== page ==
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Peer Reviewed Publications

Gearty, W., McClain, C.R., and Payne, J.L. 2018. Energetic tradeoffs control the size distribution of aquatic mammals. Proceedings of the National Academy of Sciences. doi: 10.1073/pnas.1712629115.

Four extant lineages of mammals have invaded and diversified in the water: Sirenia, Cetacea, Pinnipedia, and Lutrinae. Most of these aquatic clades are larger bodied, on average, than their closest land-dwelling relatives, but the extent to which potential ecological, biomechanical, and physiological controls contributed to this pattern remains untested quantitatively. Here, we use previously published data on the body masses of 3,859 living and 2,999 fossil mammal species to examine the evolutionary trajectories of body size in aquatic mammals through both comparative phylogenetic analysis and examination of the fossil record. Both methods indicate that the evolution of an aquatic lifestyle is driving three of the four extant aquatic mammal clades toward a size attractor at ∼500 kg. The existence of this body size attractor and the relatively rapid selection toward, and limited deviation from, this attractor rule out most hypothesized drivers of size increase. These three independent body size increases and a shared aquatic optimum size are consistent with control by differences in the scaling of energetic intake and cost functions with body size between the terrestrial and aquatic realms. Under this energetic model, thermoregulatory costs constrain minimum size, whereas limitations on feeding efficiency constrain maximum size. The optimum size occurs at an intermediate value where thermoregulatory costs are low but feeding efficiency remains high. Rather than being released from size pressures, water-dwelling mammals are driven and confined to larger body sizes by the strict energetic demands of the aquatic medium.

Racicot, R.A., Gearty, W., Kohno, N. and Flynn, J.J. 2016. Comparative anatomy of the bony labyrinth of extant and extinct porpoises (Cetacea: Phocoenidae). Biological Journal of the Linnean Society, 119(4), pp.831-846. doi: 10.1111/bij.12857.

The inner ear anatomy of cetaceans, now more readily accessible by means of nondestructive high‐resolution X‐ray computed tomographic (CT) scanning, provides a window into their acoustic abilities and ecological preferences. Inner ear labyrinths also may be a source for additional morphological characters for phylogenetic analyses. In this study, we explore digital endocasts of the inner ear labyrinths of representative species of extinct and extant porpoises (Mammalia: Cetacea: Phocoenidae), a clade of some of the smallest odontocete cetaceans, which produce some of the highest‐frequency clicks for biosonar and communication. Metrics used to infer hearing ranges based on cochlear morphology indicate that all taxa considered could hear high‐frequency sounds, thus the group had already acquired high‐frequency hearing capabilities by the Miocene (9–11 Mya) at the latest. Vestibular morphology indicates that extant species with pelagic preferences have similarly low semicircular canal deviations from 90°, values indicating more sensitivity to head rotations. Species with near‐shore preferences have higher canal deviation values, indicating less sensitivity to head rotations. Extending these analyses to the extinct species, we demonstrate a good match between those predicted to have coastal (such as Semirostrum cerutti) preferences and high canal deviation values. We establish new body length relationships based on correlations with inner ear labyrinth volume, which can be further explored among other aquatic mammals to infer body size of specimens consisting of fragmentary material.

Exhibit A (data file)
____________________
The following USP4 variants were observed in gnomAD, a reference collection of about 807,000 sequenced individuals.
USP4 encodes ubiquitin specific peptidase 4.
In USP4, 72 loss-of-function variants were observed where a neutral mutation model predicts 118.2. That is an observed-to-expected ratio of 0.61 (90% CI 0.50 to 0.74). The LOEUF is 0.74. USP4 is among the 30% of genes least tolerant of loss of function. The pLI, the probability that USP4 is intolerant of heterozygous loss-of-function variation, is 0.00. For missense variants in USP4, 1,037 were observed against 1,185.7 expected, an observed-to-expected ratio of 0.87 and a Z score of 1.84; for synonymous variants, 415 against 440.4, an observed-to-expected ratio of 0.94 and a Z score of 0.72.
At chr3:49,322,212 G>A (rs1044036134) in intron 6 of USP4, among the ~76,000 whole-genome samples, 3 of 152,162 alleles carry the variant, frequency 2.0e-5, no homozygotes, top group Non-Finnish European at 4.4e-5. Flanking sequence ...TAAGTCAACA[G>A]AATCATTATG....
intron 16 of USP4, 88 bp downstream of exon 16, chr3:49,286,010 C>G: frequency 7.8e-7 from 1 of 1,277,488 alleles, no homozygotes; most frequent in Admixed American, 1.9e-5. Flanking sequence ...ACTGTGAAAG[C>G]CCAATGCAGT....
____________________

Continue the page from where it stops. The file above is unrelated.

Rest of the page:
Conference Presentations

Gearty, W., D’Alba, L., Vinther, J., Shawkey, M., Field, D. Melanin concentration gradients in modern and fossil feathers. Journal of Vertebrate Paleontology, Program and Abstracts, 2013, 132.
[SVP Oral Presentation]